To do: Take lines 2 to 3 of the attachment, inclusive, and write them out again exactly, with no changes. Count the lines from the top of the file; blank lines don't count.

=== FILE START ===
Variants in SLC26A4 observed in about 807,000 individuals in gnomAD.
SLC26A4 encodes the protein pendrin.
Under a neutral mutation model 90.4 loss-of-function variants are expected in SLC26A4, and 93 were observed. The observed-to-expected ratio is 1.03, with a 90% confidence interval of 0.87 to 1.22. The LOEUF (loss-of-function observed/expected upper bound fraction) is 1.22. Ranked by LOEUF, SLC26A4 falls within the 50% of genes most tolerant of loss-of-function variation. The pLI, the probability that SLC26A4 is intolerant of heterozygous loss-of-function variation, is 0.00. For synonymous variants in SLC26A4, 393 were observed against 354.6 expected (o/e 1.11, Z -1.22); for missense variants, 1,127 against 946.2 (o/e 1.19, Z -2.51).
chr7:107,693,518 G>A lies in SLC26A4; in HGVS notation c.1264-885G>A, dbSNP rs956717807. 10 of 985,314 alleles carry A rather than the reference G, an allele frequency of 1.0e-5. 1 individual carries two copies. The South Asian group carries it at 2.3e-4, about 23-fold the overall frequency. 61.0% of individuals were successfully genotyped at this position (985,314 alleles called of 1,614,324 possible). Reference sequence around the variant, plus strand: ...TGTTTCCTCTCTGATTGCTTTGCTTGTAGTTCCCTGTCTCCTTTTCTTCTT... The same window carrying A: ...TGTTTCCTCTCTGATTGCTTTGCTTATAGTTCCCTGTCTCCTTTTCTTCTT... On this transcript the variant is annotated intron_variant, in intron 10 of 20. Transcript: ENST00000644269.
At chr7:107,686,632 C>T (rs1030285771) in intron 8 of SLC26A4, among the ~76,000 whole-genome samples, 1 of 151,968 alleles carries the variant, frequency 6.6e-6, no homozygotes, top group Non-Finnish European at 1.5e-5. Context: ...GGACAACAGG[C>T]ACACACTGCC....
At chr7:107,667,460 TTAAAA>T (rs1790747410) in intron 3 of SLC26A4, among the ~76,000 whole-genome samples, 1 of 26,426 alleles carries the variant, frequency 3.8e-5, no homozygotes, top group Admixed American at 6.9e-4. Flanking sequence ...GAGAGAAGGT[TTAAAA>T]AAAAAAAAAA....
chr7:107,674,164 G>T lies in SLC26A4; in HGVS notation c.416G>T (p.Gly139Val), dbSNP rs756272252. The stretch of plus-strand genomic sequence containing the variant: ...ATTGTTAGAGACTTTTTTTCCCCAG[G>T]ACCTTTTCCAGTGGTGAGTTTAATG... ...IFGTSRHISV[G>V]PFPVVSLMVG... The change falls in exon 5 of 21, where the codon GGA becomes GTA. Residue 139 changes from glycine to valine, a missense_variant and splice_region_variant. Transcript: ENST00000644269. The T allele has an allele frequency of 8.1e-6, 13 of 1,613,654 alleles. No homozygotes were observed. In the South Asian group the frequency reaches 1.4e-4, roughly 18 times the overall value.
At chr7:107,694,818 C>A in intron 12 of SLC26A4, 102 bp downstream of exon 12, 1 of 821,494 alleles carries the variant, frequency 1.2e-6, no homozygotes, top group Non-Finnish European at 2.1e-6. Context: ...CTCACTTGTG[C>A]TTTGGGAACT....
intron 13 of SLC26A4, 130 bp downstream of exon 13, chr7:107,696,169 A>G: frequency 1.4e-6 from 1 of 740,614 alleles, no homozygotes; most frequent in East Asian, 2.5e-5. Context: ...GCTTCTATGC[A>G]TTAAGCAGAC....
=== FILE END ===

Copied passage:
SLC26A4 encodes the protein pendrin.
Under a neutral mutation model 90.4 loss-of-function variants are expected in SLC26A4, and 93 were observed. The observed-to-expected ratio is 1.03, with a 90% confidence interval of 0.87 to 1.22. The LOEUF (loss-of-function observed/expected upper bound fraction) is 1.22. Ranked by LOEUF, SLC26A4 falls within the 50% of genes most tolerant of loss-of-function variation. The pLI, the probability that SLC26A4 is intolerant of heterozygous loss-of-function variation, is 0.00. For synonymous variants in SLC26A4, 393 were observed against 354.6 expected (o/e 1.11, Z -1.22); for missense variants, 1,127 against 946.2 (o/e 1.19, Z -2.51).